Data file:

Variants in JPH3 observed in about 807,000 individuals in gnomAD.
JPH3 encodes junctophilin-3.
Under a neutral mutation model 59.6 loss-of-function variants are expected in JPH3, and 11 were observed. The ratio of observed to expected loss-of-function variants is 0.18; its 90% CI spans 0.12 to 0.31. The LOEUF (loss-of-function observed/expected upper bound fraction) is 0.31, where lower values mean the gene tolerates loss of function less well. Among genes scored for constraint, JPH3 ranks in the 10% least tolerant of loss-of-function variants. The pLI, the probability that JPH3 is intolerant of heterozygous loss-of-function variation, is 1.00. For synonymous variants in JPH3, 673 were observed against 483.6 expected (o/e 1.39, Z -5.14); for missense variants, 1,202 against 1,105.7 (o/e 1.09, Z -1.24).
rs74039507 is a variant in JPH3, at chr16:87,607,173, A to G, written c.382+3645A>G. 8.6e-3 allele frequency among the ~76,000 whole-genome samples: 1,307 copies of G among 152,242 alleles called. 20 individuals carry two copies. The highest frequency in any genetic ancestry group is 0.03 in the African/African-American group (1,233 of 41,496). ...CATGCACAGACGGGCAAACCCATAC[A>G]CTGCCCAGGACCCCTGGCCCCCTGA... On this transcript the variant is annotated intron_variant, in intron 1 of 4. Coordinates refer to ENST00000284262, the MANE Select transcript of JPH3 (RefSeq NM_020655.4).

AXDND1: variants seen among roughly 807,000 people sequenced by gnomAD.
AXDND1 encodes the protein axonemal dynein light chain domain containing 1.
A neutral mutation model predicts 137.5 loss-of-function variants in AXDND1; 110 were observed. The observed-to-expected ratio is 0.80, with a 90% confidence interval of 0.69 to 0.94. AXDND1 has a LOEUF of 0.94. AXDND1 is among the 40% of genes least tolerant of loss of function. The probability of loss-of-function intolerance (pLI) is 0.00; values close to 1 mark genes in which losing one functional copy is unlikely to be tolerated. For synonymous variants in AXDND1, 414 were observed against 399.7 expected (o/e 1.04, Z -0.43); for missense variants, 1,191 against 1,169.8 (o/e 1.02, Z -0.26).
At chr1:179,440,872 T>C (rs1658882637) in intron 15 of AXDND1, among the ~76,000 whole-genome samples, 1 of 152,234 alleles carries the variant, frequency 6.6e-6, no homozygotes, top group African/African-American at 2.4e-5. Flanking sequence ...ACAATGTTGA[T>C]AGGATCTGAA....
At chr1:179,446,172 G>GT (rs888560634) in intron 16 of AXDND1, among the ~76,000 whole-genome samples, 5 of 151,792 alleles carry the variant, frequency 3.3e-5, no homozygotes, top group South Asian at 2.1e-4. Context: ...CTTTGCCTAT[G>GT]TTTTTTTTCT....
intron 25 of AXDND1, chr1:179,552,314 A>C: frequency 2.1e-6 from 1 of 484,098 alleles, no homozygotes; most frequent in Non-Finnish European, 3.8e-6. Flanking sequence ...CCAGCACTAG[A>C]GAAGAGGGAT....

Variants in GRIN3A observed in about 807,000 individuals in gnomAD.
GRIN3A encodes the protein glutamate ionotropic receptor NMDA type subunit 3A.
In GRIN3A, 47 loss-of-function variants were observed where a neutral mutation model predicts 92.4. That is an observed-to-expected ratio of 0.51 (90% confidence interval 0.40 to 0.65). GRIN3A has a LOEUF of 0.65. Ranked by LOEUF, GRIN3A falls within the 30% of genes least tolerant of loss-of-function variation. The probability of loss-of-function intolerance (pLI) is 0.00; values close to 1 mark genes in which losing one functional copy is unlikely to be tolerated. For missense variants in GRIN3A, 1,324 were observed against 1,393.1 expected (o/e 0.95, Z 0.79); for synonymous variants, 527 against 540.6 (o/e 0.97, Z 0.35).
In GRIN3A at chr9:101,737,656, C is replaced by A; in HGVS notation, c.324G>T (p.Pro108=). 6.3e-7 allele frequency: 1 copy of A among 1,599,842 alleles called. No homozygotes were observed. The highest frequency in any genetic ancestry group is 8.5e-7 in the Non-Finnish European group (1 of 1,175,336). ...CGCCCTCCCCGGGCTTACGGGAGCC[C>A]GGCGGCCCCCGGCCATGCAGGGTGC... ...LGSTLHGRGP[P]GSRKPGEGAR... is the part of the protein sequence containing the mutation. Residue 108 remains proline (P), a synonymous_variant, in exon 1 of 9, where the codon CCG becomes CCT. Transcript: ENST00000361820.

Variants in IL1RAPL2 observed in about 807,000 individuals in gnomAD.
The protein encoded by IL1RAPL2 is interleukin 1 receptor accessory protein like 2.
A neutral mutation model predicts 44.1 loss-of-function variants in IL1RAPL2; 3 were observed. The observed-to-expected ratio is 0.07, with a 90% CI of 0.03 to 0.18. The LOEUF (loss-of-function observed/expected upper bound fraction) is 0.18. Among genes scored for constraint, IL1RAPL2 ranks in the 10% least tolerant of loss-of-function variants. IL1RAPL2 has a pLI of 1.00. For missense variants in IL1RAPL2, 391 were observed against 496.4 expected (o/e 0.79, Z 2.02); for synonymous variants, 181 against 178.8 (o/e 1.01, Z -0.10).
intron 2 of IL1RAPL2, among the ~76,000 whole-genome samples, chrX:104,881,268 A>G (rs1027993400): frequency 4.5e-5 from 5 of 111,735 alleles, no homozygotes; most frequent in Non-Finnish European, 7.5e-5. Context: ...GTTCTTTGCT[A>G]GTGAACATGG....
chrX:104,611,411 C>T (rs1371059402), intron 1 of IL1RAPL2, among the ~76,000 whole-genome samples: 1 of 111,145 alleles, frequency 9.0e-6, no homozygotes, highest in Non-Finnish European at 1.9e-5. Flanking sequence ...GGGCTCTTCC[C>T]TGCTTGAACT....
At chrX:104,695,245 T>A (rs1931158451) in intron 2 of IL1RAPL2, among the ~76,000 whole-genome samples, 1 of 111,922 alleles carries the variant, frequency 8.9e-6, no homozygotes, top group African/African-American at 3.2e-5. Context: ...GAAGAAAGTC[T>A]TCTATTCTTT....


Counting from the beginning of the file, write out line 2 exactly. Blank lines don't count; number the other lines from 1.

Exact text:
JPH3 encodes junctophilin-3.